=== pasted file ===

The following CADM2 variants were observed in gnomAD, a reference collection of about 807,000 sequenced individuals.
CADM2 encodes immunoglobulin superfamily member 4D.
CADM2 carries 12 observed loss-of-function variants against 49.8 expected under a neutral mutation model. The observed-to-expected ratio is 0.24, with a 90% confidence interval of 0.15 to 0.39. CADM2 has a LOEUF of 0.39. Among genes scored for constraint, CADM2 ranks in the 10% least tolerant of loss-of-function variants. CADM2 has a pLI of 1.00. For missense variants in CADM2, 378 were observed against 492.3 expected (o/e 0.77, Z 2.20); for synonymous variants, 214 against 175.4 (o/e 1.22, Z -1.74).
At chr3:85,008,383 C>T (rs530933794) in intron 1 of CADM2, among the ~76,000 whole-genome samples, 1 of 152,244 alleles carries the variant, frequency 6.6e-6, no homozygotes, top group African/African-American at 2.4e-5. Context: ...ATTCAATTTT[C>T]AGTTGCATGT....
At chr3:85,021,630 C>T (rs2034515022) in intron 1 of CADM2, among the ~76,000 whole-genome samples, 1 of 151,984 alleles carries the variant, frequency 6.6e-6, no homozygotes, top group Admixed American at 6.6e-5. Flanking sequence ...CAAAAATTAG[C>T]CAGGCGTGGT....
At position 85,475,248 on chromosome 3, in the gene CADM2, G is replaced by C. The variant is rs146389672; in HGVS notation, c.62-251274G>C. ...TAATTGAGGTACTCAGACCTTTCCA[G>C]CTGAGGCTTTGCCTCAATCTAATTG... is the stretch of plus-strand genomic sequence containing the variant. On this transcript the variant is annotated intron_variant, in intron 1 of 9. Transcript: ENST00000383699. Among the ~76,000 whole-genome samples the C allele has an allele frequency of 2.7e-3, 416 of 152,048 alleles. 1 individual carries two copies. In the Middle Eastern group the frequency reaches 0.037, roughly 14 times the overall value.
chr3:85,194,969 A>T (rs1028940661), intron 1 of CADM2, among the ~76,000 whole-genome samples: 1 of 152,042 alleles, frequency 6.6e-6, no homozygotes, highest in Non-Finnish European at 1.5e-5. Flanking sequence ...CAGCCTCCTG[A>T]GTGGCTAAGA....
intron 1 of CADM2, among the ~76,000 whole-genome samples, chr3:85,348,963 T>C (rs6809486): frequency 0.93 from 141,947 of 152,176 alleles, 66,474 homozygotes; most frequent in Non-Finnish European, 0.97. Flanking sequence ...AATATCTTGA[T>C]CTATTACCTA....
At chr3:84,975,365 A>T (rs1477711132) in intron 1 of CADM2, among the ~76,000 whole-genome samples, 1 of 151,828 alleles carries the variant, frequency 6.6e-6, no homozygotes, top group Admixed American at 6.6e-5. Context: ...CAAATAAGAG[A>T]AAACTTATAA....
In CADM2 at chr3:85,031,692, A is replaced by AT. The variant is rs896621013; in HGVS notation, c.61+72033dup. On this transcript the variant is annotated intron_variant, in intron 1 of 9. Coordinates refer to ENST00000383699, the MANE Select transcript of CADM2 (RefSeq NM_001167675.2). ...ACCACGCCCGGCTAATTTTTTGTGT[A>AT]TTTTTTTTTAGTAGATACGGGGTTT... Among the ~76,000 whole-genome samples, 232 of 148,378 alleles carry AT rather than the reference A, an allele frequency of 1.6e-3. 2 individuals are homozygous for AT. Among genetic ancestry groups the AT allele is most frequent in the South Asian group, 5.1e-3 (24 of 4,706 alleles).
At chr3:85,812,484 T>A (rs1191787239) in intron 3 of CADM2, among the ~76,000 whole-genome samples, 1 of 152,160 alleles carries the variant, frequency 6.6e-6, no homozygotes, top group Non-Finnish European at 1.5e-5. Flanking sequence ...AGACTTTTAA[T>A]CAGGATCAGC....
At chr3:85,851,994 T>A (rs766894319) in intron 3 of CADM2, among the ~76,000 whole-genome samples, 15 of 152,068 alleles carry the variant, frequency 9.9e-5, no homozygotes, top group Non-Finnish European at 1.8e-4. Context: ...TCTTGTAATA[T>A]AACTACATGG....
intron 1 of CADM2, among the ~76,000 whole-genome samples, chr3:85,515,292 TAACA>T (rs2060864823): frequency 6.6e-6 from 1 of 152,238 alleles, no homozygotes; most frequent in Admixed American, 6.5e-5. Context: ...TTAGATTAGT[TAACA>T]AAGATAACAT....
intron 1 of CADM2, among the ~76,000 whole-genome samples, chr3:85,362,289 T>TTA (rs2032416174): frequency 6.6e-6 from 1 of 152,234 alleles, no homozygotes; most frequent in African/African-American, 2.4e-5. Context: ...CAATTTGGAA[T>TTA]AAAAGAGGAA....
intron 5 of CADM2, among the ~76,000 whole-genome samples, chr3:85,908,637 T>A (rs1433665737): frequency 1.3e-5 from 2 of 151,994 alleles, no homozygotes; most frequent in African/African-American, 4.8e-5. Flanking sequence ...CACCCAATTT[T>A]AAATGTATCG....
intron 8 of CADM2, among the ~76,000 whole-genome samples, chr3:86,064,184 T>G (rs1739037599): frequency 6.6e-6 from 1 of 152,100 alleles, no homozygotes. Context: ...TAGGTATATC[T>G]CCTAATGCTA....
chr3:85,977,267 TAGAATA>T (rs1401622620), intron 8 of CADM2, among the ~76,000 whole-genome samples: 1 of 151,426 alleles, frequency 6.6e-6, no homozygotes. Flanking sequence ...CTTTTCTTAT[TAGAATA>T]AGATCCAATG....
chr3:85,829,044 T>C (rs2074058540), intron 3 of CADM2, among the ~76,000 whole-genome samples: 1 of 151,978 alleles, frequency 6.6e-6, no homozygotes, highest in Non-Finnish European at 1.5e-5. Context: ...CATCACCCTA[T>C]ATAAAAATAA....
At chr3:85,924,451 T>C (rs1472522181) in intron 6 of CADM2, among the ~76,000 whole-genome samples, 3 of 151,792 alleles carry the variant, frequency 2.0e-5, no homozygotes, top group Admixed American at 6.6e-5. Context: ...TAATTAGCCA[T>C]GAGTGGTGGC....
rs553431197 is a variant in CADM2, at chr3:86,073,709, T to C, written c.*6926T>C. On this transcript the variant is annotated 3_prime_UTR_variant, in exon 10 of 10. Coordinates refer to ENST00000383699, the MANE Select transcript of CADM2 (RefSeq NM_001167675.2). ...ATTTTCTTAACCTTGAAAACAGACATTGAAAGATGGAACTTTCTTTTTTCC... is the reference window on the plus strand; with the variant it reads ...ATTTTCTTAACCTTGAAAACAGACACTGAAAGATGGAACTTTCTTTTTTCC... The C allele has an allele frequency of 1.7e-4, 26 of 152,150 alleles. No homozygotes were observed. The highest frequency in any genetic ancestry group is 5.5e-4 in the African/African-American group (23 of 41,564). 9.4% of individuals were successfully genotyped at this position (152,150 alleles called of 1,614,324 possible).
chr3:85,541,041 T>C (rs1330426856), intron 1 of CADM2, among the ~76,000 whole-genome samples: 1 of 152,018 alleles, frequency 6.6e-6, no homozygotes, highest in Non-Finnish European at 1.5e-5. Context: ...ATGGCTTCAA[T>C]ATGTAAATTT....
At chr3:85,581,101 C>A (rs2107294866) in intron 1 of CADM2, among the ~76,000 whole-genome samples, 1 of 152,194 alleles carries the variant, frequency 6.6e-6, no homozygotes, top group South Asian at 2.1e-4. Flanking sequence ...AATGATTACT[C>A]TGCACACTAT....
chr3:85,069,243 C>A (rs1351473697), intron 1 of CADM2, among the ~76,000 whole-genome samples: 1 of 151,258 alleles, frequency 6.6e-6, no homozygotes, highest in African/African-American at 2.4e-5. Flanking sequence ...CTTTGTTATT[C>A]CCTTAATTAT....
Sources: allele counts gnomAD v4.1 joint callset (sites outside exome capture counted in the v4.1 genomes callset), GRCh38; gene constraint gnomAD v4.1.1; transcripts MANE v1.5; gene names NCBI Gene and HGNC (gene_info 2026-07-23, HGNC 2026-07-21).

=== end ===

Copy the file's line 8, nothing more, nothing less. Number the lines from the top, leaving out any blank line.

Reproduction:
intron 1 of CADM2, among the ~76,000 whole-genome samples, chr3:85,348,963 T>C (rs6809486): frequency 0.93 from 141,947 of 152,176 alleles, 66,474 homozygotes; most frequent in Non-Finnish European, 0.97. Flanking sequence ...AATATCTTGA[T>C]CTATTACCTA....